Project description:Extensive studies investigating the role of host genetic factors during malaria associate glucose-6-phosphate dehydrogenase deficiency with relative protection. G6PD deficiency had been reported to associate with anti-malarial drug induced with haemolytic anaemia.A total of 301 Gabonese, Ghanaian, and Kenyan children aged 6-120 months with severe malaria recruited in a multicentre trial on artesunate were included in this sub-study. G6PD normal (type B), heterozygous (type A(+)) and deficient (type A(-)) genotypes were determined by direct sequencing of the common African mutations G202A and A376G. Furthermore, multivariate analyses were executed to associate possible contributions of G6PD deficiency with baseline haemoglobin levels, parasitaemia and with severe malarial anaemia.Two hundred and seventy-eight children (132 females and 146 males) were successfully genotyped for G6PD variants. The overall prevalence of G6PD deficiency was 13 % [36/278; 3 % (4/132) female homozygous and 22 % (32/146) male hemizygous], 14 % (40/278) children were female heterozygous while 73 % (202/278) were G6PD normal [67 % (88/132) females and 78 % (114/146) males] individuals. Multivariate regression revealed a significant association of moderately and severely deficient G6PD genotypes with haemoglobin levels according to the baseline data (p < 0.0001; G6PD heterozygous: p < 0.0001; G6PD deficient: p = 0.009), but not with severe malarial anaemia (p = 0.66). No association of G6PD genotypes with baseline parasitaemia.In this study, moderately (type A(+)) and severely (type A(-)) G6PD deficiency showed significant association with lower haemoglobin concentrations at baseline in African children with severe malaria without leading to severe malarial anaemia. In addition, there was no association of G6PD variant types with parasite densities on admission.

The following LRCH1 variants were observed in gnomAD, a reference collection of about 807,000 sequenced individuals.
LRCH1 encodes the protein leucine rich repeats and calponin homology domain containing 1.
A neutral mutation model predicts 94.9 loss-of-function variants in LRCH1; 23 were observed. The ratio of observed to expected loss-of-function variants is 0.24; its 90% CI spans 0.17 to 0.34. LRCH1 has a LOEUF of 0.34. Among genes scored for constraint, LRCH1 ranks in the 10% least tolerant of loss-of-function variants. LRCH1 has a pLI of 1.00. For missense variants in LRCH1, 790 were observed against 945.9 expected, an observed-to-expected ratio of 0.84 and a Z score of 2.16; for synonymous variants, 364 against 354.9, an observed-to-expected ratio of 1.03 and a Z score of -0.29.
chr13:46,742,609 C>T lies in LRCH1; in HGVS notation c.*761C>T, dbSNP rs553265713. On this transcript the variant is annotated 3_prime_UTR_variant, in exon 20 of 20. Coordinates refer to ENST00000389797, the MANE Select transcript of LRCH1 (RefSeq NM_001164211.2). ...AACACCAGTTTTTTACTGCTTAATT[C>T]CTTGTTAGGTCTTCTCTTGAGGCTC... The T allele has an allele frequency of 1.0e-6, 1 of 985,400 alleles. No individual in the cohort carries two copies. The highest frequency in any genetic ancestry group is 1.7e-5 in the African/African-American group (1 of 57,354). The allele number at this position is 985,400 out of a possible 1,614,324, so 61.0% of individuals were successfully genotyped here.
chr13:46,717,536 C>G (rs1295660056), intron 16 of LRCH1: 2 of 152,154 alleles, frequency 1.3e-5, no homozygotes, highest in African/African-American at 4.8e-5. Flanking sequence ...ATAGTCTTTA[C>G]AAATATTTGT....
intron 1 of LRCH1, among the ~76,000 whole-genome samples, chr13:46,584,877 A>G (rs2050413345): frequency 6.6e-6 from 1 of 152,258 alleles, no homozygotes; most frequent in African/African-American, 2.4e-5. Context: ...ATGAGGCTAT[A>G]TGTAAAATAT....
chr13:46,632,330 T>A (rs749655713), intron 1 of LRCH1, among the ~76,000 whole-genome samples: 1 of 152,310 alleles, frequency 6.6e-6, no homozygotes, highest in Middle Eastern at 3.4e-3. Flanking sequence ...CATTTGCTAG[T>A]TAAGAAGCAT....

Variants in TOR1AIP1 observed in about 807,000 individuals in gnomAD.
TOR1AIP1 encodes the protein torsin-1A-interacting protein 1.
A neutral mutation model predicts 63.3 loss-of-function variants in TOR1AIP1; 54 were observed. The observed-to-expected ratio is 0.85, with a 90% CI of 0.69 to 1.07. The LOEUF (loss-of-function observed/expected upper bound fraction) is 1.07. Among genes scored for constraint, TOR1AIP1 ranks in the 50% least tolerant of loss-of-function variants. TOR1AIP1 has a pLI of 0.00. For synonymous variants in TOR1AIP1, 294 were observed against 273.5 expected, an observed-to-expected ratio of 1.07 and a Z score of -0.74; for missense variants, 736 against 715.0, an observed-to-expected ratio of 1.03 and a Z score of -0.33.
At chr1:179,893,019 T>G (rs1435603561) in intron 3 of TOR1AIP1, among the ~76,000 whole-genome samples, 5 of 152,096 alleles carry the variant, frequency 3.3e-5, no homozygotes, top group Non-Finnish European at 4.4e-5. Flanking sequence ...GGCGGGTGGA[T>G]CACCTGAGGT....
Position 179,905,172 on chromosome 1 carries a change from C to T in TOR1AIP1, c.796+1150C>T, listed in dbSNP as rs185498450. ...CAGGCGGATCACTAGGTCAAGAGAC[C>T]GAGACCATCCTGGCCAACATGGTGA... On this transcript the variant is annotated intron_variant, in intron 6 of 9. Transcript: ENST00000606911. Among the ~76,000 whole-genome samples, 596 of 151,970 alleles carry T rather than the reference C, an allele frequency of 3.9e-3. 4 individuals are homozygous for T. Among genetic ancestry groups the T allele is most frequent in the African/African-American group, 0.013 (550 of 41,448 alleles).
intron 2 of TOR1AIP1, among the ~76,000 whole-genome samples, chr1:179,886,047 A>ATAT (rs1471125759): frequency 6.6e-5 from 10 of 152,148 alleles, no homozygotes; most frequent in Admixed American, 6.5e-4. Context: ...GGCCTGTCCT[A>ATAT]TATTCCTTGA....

Project description:Glucose-6-phosphate dehydrogenase (G6PD) deficiency is common in populations living in malaria endemic areas. G6PD genotype and phenotype were determined for malaria patients enrolled in the chlorproguanil-dapsone-artesunate (CDA) phase III clinical trial programme.Study participants, aged > 1 year, with microscopically confirmed uncomplicated Plasmodium falciparum malaria, and haemoglobin ? 70 g/L or haematocrit ? 25%, were recruited into two clinical trials conducted in six African countries (Burkina Faso, Ghana, Kenya, Nigeria, Tanzania, Mali). G6PD genotype of the three most common African forms, G6PD*B, G6PD*A (A376G), and G6PD*A- (G202A, A542T, G680T and T968C), were determined and used for frequency estimation. G6PD phenotype was assessed qualitatively using the NADPH fluorescence test. Exploratory analyses investigated the effect of G6PD status on baseline haemoglobin concentration, temperature, asexual parasitaemia and anti-malarial efficacy after treatment with CDA 2/2.5/4 mg/kg or chlorproguanil-dapsone 2/2.5 mg/kg (both given once daily for three days) or six-dose artemether-lumefantrine.Of 2264 malaria patients enrolled, 2045 had G6PD genotype available and comprised the primary analysis population (1018 males, 1027 females). G6PD deficiency prevalence was 9.0% (184/2045; 7.2% [N = 147] male hemizygous plus 1.8% [N = 37] female homozygous), 13.3% (273/2045) of patients were heterozygous females, 77.7% (1588/2045) were G6PD normal. All deficient G6PD*A- genotypes were A376G/G202A. G6PD phenotype was available for 64.5% (1319/2045) of patients: 10.2% (134/1319) were G6PD deficient, 9.6% (127/1319) intermediate, and 80.2% (1058/1319) normal. Phenotype test specificity in detecting hemizygous males was 70.7% (70/99) and 48.0% (12/25) for homozygous females. Logistic regression found no significant effect of G6PD genotype on adjusted mean baseline haemoglobin (p = 0.154), adjusted mean baseline temperature (p = 0.9617), or adjusted log mean baseline parasitaemia (p = 0.365). There was no effect of G6PD genotype (p = 0.490) or phenotype (p = 0.391) on the rate of malaria recrudescence, or reinfection (p = 0.134 and p = 0.354, respectively).G6PD deficiency is common in African patients with malaria and until a reliable and simple G6PD test is available, the use of 8-aminoquinolines will remain problematic. G6PD status did not impact baseline haemoglobin, parasitaemia or temperature or the outcomes of anti-malarial therapy.Clinicaltrials.gov: NCT00344006 and NCT00371735.